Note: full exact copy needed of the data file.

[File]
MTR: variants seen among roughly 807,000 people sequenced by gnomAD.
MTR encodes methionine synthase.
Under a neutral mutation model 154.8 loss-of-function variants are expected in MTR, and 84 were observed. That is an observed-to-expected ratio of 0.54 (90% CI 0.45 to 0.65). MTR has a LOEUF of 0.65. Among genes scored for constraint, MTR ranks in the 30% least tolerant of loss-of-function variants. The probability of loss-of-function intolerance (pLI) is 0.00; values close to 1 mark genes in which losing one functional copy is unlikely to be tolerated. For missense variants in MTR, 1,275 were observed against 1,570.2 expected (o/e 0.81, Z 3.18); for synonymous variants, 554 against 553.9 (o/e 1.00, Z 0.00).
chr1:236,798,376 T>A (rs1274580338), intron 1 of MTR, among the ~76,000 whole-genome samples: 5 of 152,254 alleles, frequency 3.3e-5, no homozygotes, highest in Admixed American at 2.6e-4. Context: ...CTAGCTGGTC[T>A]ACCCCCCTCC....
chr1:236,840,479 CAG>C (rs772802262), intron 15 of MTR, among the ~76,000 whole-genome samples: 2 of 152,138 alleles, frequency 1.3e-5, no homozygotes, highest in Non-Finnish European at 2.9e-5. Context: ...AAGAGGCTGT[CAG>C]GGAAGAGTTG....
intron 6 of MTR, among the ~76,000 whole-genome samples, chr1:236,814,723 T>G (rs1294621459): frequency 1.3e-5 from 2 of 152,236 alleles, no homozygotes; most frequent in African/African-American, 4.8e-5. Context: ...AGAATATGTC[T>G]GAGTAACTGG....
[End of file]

MTR: variants seen among roughly 807,000 people sequenced by gnomAD.
MTR encodes methionine synthase.
Under a neutral mutation model 154.8 loss-of-function variants are expected in MTR, and 84 were observed. That is an observed-to-expected ratio of 0.54 (90% CI 0.45 to 0.65). MTR has a LOEUF of 0.65. Among genes scored for constraint, MTR ranks in the 30% least tolerant of loss-of-function variants. The probability of loss-of-function intolerance (pLI) is 0.00; values close to 1 mark genes in which losing one functional copy is unlikely to be tolerated. For missense variants in MTR, 1,275 were observed against 1,570.2 expected (o/e 0.81, Z 3.18); for synonymous variants, 554 against 553.9 (o/e 1.00, Z 0.00).
chr1:236,798,376 T>A (rs1274580338), intron 1 of MTR, among the ~76,000 whole-genome samples: 5 of 152,254 alleles, frequency 3.3e-5, no homozygotes, highest in Admixed American at 2.6e-4. Context: ...CTAGCTGGTC[T>A]ACCCCCCTCC....
chr1:236,840,479 CAG>C (rs772802262), intron 15 of MTR, among the ~76,000 whole-genome samples: 2 of 152,138 alleles, frequency 1.3e-5, no homozygotes, highest in Non-Finnish European at 2.9e-5. Context: ...AAGAGGCTGT[CAG>C]GGAAGAGTTG....
intron 6 of MTR, among the ~76,000 whole-genome samples, chr1:236,814,723 T>G (rs1294621459): frequency 1.3e-5 from 2 of 152,236 alleles, no homozygotes; most frequent in African/African-American, 4.8e-5. Context: ...AGAATATGTC[T>G]GAGTAACTGG....